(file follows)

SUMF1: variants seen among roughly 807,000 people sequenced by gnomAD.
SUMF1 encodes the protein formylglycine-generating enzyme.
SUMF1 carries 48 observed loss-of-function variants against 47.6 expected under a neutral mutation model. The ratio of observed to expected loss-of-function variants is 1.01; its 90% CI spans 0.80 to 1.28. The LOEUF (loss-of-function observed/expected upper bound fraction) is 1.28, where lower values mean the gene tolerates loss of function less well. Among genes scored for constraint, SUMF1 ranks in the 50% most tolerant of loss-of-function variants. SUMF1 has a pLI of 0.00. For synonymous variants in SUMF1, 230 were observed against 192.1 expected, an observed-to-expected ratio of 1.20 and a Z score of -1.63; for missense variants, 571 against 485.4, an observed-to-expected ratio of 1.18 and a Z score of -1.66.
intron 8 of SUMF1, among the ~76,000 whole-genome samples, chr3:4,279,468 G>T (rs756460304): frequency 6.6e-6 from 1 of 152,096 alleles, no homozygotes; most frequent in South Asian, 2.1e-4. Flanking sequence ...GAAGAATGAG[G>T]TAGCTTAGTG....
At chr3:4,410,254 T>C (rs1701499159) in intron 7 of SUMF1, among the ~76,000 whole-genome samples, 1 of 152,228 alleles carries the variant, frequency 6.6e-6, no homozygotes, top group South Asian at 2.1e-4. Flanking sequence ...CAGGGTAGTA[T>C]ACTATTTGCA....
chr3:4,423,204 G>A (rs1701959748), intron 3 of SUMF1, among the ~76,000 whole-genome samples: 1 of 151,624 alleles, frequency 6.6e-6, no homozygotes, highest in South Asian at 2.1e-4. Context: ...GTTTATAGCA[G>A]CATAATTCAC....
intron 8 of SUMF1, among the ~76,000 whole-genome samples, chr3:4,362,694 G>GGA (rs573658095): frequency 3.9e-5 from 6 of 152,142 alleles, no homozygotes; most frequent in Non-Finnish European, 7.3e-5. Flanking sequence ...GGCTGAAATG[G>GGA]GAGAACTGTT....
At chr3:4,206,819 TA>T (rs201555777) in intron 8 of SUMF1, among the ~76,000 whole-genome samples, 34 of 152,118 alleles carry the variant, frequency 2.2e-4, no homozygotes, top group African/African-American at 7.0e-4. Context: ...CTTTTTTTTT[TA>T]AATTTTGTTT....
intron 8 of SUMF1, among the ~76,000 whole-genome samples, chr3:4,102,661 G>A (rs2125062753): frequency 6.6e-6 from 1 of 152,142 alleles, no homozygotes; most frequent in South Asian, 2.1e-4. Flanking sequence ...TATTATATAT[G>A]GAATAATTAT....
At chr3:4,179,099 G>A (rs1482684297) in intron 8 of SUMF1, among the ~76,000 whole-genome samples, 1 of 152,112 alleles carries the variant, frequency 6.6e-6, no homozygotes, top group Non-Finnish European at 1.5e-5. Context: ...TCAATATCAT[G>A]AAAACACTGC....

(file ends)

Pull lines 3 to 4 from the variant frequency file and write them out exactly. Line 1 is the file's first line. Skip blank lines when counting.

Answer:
SUMF1 carries 48 observed loss-of-function variants against 47.6 expected under a neutral mutation model. The ratio of observed to expected loss-of-function variants is 1.01; its 90% CI spans 0.80 to 1.28. The LOEUF (loss-of-function observed/expected upper bound fraction) is 1.28, where lower values mean the gene tolerates loss of function less well. Among genes scored for constraint, SUMF1 ranks in the 50% most tolerant of loss-of-function variants. SUMF1 has a pLI of 0.00. For synonymous variants in SUMF1, 230 were observed against 192.1 expected, an observed-to-expected ratio of 1.20 and a Z score of -1.63; for missense variants, 571 against 485.4, an observed-to-expected ratio of 1.18 and a Z score of -1.66.
intron 8 of SUMF1, among the ~76,000 whole-genome samples, chr3:4,279,468 G>T (rs756460304): frequency 6.6e-6 from 1 of 152,096 alleles, no homozygotes; most frequent in South Asian, 2.1e-4. Flanking sequence ...GAAGAATGAG[G>T]TAGCTTAGTG....